The knowledge of surface tension, contact angle, and viscoelastic properties of emulsions, solutions, and foams have great importance in food science. Outputs of surface characterization are critically important for research and industrial-scale applications.
Surface and Interfacial Tension
Interfacial tension can be defined as the force interaction between molecules at the interface of two fluids. If the force at the air-liquid interface is measured, it is called surface tension. Since interfacial and surface tensions measure the force per interfacial length, they have milli Newton per meter (mN/m) as the SI unit. Interfacial tension gives us comprehensive information for the preparation of different food solutions. It plays a major role in the evolution of the interfacial area between the dispersed and continuous phases in a sheared emulsion. It strongly affects the two major phenomena that impact drop size; drop breakup, and droplet-droplet coalescence, which directly affects the stability of food products. For example, if any salad dressing, mayonnaise, high protein beverage, or ice cream are prepared, it is extremely important to know interfacial tension/surface tension.
The contact angle is another important parameter in a diverse range of food applications. The contact angle is one of the common ways to measure the wettability of a surface or material. Wetting refers to the study of how a liquid behaves on the substrate, whether it spreads out or the ability of liquids to form boundary surfaces with the solid. The contact angle is an angle that a liquid creates with a solid surface or capillary walls of a porous material when both materials come in contact together. This angle is determined by both properties of the solid and the liquid and the interaction and repulsion forces between the liquid and solid and by the three-phase interface properties (gas, liquid and solid).
Those interactions are described by cohesion and adhesion forces which are intermolecular forces. The balance between the cohesive forces of similar molecules such as between the liquid molecules (i.e., hydrogen bonds and Van der Waals forces) and the adhesive forces between dissimilar molecules such as between the liquid and solid molecules (i.e., mechanical, and electrostatic forces) will determine the contact angle created in the solid and liquid interface.
Contact angle measurements are critical in food packaging applications. The tendency of food to interact with its packaging is a significant factor that can affect quality, appearance, shelf life, and microbiological safety. Adherence of food residues to the packaging may decrease product acceptability, enhance oxidation, and off-flavors, increase waste, and result in lower overall product quality. In addition to this, a product’s higher affinity to the wrapping material could result in an increased risk of migration of some of the package compounds, or in enhanced adsorption of off-flavors.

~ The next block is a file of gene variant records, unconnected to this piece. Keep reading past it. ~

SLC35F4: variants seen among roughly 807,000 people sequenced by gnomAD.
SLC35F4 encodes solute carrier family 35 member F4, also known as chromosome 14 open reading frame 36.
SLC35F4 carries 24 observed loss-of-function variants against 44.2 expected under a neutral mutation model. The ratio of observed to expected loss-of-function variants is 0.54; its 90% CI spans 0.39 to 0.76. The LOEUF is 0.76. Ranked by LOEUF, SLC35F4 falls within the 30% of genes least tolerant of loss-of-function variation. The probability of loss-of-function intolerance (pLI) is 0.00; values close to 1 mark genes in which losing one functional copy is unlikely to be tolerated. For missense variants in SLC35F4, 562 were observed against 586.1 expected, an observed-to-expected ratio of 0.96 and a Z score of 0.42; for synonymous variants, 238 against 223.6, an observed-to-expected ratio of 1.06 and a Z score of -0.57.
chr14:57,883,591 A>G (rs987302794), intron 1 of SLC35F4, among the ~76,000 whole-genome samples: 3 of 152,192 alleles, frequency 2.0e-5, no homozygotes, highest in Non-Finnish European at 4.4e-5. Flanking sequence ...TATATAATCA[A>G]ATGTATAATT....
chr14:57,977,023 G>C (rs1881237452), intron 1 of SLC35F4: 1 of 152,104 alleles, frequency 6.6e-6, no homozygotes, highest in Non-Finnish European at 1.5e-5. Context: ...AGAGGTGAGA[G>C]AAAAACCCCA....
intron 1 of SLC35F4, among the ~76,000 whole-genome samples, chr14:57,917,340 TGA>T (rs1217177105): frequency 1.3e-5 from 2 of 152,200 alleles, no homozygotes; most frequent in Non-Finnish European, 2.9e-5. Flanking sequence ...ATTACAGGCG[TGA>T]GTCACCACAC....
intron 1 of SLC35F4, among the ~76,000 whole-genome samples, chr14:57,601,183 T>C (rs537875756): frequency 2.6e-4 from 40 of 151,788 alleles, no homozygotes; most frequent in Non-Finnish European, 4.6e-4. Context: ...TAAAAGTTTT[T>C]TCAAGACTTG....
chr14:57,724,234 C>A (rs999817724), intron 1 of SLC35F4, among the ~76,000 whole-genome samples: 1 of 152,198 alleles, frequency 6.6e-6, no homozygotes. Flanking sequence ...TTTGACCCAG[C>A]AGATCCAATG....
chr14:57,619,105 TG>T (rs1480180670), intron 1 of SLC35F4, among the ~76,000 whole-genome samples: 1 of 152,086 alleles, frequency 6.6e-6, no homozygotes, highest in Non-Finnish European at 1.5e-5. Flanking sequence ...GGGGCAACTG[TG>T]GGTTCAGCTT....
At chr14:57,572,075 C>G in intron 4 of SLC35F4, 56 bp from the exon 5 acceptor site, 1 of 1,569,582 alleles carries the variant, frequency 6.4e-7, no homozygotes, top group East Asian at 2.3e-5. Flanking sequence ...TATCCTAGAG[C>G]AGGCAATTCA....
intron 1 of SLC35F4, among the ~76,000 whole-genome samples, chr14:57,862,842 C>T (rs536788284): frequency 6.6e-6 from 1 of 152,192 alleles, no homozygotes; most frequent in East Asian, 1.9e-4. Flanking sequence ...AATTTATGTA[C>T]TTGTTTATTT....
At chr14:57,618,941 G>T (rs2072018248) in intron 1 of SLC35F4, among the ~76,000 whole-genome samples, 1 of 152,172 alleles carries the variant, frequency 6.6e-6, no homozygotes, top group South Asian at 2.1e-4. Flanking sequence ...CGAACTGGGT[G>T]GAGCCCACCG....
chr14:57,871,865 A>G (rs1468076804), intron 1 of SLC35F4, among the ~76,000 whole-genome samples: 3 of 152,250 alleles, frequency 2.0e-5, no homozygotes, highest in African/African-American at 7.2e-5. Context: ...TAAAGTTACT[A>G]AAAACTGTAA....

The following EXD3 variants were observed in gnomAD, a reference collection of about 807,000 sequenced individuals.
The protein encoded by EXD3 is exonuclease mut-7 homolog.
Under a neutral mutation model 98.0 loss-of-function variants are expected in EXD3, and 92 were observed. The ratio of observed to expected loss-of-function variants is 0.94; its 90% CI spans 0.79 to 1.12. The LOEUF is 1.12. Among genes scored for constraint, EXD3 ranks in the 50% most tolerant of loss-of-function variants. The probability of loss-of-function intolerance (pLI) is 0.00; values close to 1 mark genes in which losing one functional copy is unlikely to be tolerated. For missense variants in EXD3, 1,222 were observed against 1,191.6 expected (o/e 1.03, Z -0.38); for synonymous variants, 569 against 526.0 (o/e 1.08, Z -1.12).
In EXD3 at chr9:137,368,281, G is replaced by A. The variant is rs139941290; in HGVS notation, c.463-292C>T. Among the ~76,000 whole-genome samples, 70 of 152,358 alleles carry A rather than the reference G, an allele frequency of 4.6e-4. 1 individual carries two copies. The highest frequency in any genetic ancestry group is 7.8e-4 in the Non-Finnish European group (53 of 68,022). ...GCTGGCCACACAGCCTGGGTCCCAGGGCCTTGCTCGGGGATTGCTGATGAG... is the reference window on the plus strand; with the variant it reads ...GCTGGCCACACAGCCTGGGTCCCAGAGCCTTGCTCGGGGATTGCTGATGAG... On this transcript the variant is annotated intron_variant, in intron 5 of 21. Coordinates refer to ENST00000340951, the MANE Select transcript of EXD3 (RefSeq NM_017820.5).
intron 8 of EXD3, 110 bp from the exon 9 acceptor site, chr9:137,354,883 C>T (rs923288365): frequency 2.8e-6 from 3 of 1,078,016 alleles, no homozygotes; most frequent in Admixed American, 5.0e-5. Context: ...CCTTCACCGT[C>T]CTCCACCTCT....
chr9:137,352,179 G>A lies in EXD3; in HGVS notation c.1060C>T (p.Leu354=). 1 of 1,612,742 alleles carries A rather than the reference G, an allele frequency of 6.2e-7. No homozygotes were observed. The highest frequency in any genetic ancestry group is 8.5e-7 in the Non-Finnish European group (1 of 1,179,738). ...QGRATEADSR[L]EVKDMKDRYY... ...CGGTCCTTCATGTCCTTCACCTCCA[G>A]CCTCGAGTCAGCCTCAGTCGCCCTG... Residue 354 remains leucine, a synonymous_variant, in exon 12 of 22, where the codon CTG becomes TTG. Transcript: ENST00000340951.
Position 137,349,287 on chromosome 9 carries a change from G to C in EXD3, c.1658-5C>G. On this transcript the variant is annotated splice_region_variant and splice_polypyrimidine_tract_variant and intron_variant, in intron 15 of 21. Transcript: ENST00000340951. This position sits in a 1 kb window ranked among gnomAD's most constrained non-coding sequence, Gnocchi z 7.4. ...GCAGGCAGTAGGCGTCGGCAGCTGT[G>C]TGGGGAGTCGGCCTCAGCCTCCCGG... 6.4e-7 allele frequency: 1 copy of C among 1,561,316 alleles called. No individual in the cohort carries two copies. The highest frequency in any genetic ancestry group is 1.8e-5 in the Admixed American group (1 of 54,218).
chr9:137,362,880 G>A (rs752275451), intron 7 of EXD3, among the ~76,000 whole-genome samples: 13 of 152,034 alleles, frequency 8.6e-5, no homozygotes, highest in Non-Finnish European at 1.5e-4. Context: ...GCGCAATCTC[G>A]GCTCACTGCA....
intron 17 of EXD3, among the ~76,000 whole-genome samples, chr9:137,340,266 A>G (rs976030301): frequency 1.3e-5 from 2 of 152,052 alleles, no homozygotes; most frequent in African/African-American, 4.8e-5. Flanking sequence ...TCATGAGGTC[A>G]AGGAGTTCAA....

Dilatational Interfacial Rheology
The application of foams and emulsions constitutes a wide area of use in food science. The performance and shelf life of these items are heavily influenced by their stability. Surfactants, proteins, and polymers, which are amphiphilic molecules, are important components in these emulsions and foams. To reduce their free energy, these molecules will preferentially adsorb to the air-liquid or liquid-liquid interface in a certain orientation. These materials will flow across each other during storage and consumption, changing the size and shape of their interfaces on a regular basis. Interfacial rheology is the study of how these molecules respond to external deformations and stimuli. A droplet containing surface-active chemicals will expand and contract during dynamic processes. The number of molecules adsorbed on the air-liquid or liquid-liquid interface fluctuates as the surface area of the droplet changes. These amphiphilic molecules' hydrophilic heads will gravitate toward water or polar liquids, while their hydrophobic tails will orient toward air or oil phases. The rate at which this occurs is a good indicator of a foam's or emulsion's stability. If surfactant molecules reach the interface fast, for example, there are fewer opportunities for a droplet to mix with another neighboring droplet, resulting in increased stability.
Foams can generally be thought of as pockets of gas trapped by a liquid or solid. For liquids, the stability of the interface is a key driver for the overall stability of the foam, and this is influenced by the viscosity, surface tension, and drainage of the liquid or entrapping phase. In food science, foams are present in many forms. Meringue, which is a type of dessert or candy, is often associated with Swiss, French, Polish, and Italian cuisines, whipped cream, mousse, and visible large macro forms in cappuccinos or lattes are the most common foam structures.
To hear more about these measurements in food science, please watch the short webinar through the link below.